Time to protect your portfolio! With the stock market averages making new highs every few weeks, investors are becoming increasingly edgy about what will happen next. These are unsettling times. We have a high US national debt running about $17 trillion. Added to this the US Federal Reserve has bought $4 trillion of bonds and mortgage backed securities from the big banks. They are now in the process of reducing their purchases, but they still must sell these securities back to balance their books. In addition they must continually issue new bonds to finance our debt.
On the world stage, China, that was the driving force for growth has slowed down considerably. They are in the midst of unwinding the credit bubble that formed in their real estate market. Europe is muddling along and must de- leverage some $6 trillion of sovereign bond debts. The Middle and Far East are in complete turmoil with wars and uprisings occurring more frequently.
Turning to the economy, profit margins are being squeezed, layoffs are continuing and our unemployment is too high. The investor is wondering what will happen next and what to do when it happens. Here are a few ideas that can be of benefit:
Do an in- depth analysis of your investments. Where is the revenue for each stock you hold coming from? What is the likely prospect that the revenue stream will continue? If you own a 401k get a prospectus and find out what companies are in your portfolio. Compare each stock with a trusted rating agency such as Morningstar or Zaks Research. Unless you are high risk taker, the ratings should be at the high end of the scale.
Look for stocks that have paid dividends for an extended period. In bad times you may need to rely on these dividends.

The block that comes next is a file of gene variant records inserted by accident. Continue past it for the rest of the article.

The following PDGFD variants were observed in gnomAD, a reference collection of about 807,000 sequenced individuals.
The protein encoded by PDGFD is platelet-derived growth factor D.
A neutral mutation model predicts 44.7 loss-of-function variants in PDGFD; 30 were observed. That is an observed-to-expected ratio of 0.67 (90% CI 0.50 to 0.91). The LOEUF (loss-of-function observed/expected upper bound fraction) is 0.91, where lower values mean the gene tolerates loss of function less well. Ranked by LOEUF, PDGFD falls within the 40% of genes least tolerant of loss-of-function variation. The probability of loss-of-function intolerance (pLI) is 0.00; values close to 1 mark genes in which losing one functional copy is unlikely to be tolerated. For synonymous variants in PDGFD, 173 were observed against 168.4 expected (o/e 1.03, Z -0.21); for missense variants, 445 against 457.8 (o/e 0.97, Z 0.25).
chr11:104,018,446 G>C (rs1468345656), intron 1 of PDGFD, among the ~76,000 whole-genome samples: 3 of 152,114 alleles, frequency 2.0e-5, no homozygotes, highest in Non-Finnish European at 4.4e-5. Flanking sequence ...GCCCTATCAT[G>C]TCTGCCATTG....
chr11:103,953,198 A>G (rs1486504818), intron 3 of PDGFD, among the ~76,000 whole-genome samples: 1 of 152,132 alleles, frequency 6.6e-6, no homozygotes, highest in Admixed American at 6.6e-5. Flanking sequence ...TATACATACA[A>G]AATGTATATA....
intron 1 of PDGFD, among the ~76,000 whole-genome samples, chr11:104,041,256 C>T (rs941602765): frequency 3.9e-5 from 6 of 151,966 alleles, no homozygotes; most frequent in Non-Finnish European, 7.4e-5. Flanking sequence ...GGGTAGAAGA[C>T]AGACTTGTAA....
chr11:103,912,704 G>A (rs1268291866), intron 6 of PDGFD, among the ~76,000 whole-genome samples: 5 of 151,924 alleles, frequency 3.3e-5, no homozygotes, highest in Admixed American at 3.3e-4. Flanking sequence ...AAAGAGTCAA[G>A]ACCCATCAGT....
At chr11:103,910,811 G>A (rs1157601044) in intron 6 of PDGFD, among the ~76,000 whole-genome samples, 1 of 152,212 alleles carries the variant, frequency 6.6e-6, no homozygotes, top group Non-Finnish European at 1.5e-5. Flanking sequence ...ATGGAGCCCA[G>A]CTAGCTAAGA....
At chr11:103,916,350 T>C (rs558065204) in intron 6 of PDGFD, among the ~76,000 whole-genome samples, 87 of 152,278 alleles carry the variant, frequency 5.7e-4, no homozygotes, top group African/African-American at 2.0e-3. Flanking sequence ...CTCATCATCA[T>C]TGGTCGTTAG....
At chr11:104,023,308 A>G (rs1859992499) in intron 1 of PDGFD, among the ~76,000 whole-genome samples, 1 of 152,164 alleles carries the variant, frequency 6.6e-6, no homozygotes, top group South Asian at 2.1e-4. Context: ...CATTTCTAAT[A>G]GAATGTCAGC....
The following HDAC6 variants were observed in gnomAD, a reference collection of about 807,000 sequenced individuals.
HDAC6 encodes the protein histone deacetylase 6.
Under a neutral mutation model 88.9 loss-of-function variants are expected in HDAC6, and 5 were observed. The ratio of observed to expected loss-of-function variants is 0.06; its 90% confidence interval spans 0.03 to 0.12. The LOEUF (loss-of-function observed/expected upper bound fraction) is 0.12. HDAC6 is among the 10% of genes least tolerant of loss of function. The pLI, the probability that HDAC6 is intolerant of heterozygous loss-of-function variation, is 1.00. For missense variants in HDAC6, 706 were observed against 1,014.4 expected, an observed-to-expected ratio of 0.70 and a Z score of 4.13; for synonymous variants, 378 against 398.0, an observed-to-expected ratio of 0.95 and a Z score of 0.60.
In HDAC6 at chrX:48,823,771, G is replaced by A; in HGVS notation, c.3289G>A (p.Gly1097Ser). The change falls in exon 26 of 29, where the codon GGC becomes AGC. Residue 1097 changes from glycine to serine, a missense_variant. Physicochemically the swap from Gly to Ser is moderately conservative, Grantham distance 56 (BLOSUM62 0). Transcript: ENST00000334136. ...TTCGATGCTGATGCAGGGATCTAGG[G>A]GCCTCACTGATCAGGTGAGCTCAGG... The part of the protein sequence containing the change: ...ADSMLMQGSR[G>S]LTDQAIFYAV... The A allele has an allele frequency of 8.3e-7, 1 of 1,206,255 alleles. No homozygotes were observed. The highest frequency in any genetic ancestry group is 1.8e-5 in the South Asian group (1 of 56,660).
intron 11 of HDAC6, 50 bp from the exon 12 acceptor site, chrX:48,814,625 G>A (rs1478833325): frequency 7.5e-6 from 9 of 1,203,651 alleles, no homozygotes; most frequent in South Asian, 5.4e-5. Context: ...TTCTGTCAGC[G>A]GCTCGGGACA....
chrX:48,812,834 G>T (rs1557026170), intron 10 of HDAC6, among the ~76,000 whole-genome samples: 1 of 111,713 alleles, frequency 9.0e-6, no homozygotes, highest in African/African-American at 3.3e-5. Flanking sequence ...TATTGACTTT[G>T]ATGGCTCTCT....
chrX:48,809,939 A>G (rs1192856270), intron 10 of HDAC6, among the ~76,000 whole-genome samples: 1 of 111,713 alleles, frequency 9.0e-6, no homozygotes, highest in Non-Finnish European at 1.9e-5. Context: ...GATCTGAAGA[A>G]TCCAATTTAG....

Stay away from the bond market. Most advisors will tell you that you need to diversify your portfolio with bonds and cash. Interest rates are near zero and the US Federal Reserve plans to keep them there until mid 2015. However, inflation is heating up, especially in food and energy. This is not counted in the Fed numbers. What could happen is that the Fed may be forced to raise rates sooner than expected. When rates rise the price of your bond will drop. Bond interest rates or yield move opposite the price of your bond. Often the price of the bond will fall faster than the rise in rates. Also be leery of municipal bonds after the recent collapse of Detroit’s bond market. Municipals have higher yields but you may get caught with another debacle.
Remember, the higher your stock price rises, the greater the risk. It is time to protect your profits by placing stop loss orders below the current price. Here again, examine each stock, its price and where you want to place your stop. If the market starts to turn down, you may want to buy some “inverse” ETFs. These will rise when the market falls. Or you may even buy some gold, either physical gold, gold stocks or gold ETFs.
The more homework you do now, the greater will be your chances of surviving a downturn when it occurs.